CS: Of all the things I look out for in bands, the one theme that runs through both the bands I play on the show and those who get a slot on at the gig night is the fun factor. There has to be a level of enjoyment running through their music. Cate Le Bon who writes some really very dark stuff and even Sweet Baboo write heart breaking songs, but they then dust it through with an element of humour. If a band does not have this streak they end up being over the top, they would end up being Razor Light. 

E.O: Have you ever considered increasing the amount of shows you play?

CS: I am happy enough at the moment with the amount of shows and I think the listeners are as well. I have tried myself to keep up with other pod-casts that run more frequently than once a week and although I try to download it and make an effort to listen through before you know it, another week has gone and all of a sudden you have a massive backlog to get through and that isn’t terribly appealing. Obviously it would be great to be doing a weekly show but without being paid for it is an awful lot of work, especially at a time when I am studying for the MA. 

EO: Do you ever consider charging for the gig nights?

CS: No not really because it doesn’t cost that much to run, other than the small amount of money I pay for air time and initial heavy costs such as buying a microphone. I guess for the sake of the show there has to come a point where you are prepared to put more of one’s own money in and take a risk on losing it but it is difficult to know when this point has come.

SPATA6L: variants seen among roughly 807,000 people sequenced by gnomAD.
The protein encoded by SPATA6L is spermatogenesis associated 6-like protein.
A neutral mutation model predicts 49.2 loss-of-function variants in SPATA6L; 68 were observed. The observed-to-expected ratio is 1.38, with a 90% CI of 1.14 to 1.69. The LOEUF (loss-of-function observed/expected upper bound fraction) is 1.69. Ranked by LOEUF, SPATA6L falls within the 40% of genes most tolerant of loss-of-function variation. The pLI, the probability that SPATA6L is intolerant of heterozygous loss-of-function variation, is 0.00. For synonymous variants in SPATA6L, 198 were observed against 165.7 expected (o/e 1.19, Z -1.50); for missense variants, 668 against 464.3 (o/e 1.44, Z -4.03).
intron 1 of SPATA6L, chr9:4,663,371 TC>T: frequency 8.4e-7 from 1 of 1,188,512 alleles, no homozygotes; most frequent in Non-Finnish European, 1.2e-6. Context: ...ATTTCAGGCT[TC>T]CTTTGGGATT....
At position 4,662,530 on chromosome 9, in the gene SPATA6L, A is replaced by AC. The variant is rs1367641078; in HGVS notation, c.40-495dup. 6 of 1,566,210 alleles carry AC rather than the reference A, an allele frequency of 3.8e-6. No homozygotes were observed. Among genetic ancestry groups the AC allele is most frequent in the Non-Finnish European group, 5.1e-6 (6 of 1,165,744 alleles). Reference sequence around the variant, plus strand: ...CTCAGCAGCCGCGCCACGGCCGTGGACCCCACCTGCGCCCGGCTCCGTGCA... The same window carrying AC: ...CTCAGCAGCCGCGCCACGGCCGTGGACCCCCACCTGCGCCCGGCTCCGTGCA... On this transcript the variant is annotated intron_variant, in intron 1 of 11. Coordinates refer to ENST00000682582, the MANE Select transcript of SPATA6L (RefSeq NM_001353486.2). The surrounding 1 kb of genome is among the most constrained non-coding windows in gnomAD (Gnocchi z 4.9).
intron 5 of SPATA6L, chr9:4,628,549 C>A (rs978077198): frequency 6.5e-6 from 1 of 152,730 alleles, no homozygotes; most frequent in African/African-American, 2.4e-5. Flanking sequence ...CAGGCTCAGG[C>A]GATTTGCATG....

Releasing the 7” with Onions and Generalissimos was a bit of a risk and to be fair we all knew that due to the cost of putting it together, we were going to make a loss no matter what. But we didn’t really put it together for money, we just had some good songs we wanted to get out there and we were really pleased with ourselves as we recorded, mastered, promoted and even designed the record sleeves without having to go to any outside companies. It is pretty cool to produce something you have made from scratch and though we are not making profit on them, they are selling well and more than half of the limited edition CDs are now gone. We wanted to break even if possible, but it was released more out of mutual respect and a love for the music these guys are playing at the moment; what was eventually produced was really worth something to all of us.

A lot of people always advise you to get into music for the love of it, not because you want to get famous or be paid for it. There are bands however who are getting the money, there has to be as great an idea as it is we can all keep going for free. At some point bands have to be recognised for their contribution as records can’t keep being released at a loss there has to be some kind of reward financially so they can continue without becoming so submerged in their day jobs they don’t have time to record, gig or create new songs.